This morning’s Singapore Straits Times has an interesting article about an Asia-Europe Interfaith dialogue that just took place in Korea. My life has me moving back and forth between the religious world and the business context and I often grieve that there isn’t greater conversation occurring between leaders working in each context. Some business leaders shrug off religious difference as irrelevant to how they work internationally but nothing could be further from the truth.
For example, one American business opened their Thailand office one flight above a Buddha statue. Only after several months of virtually no business did they learn that no one was coming to the office because the business violated a sacred rule: Never put yourself above Buddha, literally! After moving to a new location, business took off. Elsewhere, a Japanese multinational corporation was caught off guard by the degree to which religious beliefs affected their global expansion. The company decided to build a factory on a piece of land in rural Malaysia that was formerly a burial ground of the aboriginal people who had lived in the region. After building the factory, mass hysteria resulted among the factory workers of Malay origin. Many employees claimed they were inflicted with spirit possession. Putting the factory on former burial grounds was believed to have disturbed the earth and stirred the spirits that then swarmed the factory premises.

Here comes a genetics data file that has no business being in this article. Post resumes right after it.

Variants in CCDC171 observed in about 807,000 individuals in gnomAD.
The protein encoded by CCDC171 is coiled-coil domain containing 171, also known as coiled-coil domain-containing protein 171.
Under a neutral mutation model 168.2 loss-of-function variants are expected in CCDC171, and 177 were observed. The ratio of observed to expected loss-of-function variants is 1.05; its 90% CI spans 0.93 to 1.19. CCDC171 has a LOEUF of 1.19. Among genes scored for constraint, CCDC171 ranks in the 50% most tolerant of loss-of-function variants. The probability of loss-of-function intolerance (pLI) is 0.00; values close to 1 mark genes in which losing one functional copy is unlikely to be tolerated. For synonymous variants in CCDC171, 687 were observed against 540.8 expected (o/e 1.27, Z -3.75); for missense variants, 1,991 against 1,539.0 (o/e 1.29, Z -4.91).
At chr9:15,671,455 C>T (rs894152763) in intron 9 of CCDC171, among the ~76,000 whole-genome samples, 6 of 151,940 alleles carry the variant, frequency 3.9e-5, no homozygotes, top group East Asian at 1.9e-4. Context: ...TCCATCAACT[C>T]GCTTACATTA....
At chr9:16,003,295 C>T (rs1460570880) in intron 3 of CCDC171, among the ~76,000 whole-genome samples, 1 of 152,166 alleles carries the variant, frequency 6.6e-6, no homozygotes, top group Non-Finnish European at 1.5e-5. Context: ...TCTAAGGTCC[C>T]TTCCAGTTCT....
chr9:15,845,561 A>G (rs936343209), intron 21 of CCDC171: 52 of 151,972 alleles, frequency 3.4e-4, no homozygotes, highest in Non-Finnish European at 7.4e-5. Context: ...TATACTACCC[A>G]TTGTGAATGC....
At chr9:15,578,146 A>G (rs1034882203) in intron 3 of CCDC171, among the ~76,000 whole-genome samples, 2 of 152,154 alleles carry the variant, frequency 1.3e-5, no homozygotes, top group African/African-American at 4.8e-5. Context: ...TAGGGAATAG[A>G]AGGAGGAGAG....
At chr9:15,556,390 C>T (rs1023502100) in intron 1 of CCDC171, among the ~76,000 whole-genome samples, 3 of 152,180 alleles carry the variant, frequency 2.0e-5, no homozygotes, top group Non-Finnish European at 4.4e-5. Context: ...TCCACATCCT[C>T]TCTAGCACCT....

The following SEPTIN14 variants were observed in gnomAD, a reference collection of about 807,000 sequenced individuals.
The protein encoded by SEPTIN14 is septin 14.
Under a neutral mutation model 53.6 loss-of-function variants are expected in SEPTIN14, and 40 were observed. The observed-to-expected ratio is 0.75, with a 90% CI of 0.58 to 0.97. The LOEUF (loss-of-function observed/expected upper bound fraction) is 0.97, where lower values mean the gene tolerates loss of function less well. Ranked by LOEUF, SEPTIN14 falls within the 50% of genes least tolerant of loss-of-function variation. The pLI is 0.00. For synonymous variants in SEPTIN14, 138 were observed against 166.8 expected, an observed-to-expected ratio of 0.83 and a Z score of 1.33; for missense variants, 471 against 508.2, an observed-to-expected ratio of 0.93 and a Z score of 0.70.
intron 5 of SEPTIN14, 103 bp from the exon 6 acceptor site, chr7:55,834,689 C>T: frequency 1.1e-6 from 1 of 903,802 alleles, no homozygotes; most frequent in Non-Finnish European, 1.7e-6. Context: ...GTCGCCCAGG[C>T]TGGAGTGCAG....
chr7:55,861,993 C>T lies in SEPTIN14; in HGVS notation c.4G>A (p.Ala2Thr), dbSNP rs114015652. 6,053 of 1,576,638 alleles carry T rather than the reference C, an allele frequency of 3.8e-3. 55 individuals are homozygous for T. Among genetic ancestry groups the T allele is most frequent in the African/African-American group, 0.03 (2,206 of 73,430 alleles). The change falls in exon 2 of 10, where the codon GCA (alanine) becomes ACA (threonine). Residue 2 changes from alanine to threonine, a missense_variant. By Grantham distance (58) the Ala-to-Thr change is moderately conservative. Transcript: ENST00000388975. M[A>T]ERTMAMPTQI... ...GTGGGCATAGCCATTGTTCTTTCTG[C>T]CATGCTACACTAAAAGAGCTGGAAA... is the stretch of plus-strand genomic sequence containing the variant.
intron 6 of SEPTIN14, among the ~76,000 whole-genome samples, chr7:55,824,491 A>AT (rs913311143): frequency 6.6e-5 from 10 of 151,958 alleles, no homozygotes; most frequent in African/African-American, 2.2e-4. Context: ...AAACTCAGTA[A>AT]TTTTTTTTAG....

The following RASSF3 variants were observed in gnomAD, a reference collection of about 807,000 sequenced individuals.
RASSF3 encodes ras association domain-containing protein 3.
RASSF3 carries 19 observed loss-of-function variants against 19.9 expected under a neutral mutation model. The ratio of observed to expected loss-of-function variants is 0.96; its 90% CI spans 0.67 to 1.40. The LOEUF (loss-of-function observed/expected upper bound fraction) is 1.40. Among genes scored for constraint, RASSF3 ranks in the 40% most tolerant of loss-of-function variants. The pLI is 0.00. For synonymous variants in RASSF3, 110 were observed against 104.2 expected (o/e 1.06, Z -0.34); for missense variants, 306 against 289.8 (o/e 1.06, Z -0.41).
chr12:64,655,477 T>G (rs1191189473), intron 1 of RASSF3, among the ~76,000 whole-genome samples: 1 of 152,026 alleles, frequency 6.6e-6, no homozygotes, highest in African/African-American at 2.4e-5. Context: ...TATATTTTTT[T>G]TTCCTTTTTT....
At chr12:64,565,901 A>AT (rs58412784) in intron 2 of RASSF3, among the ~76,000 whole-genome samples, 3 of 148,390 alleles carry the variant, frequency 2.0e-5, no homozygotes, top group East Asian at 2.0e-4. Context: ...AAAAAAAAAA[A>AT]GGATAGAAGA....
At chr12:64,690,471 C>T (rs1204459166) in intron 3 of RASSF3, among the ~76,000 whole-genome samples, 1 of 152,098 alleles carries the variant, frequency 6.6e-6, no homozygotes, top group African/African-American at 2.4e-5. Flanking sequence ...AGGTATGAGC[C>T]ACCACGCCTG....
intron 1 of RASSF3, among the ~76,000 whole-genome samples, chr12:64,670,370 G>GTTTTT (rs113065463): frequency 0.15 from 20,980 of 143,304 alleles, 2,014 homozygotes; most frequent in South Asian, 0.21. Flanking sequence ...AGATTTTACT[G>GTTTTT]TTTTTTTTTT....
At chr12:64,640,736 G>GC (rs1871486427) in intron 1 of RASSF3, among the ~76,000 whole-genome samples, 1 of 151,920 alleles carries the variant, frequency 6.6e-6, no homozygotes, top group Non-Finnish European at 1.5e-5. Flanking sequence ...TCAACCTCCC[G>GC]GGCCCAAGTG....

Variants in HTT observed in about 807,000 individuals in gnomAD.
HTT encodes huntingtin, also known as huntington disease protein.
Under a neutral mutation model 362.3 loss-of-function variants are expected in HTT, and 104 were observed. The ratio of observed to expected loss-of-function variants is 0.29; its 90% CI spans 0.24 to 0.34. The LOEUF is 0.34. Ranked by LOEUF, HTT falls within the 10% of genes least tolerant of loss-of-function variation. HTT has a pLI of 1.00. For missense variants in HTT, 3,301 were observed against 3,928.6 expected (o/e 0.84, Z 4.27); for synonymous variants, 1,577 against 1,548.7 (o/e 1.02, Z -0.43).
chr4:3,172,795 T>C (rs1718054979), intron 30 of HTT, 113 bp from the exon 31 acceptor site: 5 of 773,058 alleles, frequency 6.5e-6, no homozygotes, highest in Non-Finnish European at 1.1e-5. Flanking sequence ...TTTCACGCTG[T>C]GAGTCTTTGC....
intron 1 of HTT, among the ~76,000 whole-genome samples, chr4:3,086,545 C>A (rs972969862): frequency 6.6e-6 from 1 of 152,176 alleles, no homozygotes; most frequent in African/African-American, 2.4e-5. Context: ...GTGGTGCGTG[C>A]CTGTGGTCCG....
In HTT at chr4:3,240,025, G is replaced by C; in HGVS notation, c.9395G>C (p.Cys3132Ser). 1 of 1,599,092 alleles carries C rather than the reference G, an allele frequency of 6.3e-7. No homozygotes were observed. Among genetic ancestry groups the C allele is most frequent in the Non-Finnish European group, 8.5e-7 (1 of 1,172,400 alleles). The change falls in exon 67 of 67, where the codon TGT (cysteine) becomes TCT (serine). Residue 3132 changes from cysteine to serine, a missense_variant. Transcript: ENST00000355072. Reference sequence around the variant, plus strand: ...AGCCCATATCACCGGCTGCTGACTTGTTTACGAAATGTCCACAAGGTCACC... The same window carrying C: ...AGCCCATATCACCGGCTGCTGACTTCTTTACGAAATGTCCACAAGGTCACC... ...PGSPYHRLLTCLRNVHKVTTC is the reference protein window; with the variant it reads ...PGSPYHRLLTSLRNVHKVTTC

We can’t underestimate the powerful role of religious beliefs and practices in how we work in different places. For Western leaders, who are often perceived to be Christian even if they aren’t, a respectful conversation about some of the other great religions of the world will demonstrate significant respect when interacting with leaders from other parts of the world. You need not abandon your own religious convictions to convey honor and appreciation for the views and practices of others. This is a huge point to understand about cultural intelligence. We aren’t interested in abandoning all our convictions, values and assumptions. Instead, we’re seeking to understand and respect the beliefs and priorities of others.
• Be respectful about how you discuss your religious beliefs and learn what might be most likely to offend someone in light of their religious beliefs. Be alert to the most potentially offensive things that could be done in regard to a culture’s religious beliefs and seek to avoid those practices.
• Become a student of how religious values and supernatural beliefs affect the financial, management, and marketing decisions made by organisation in a particular culture.
• Find out the key religious dates. Avoid opening a new business in China during the Festival of the Dead or on Deepvali in India. Just as we wouldn’t think of planning a key business meeting during Christmas in the Western world, learn what religious holidays to avoid in other locations.
[Portions excerpted from Leading with Cultural Intelligence, pages 83-84]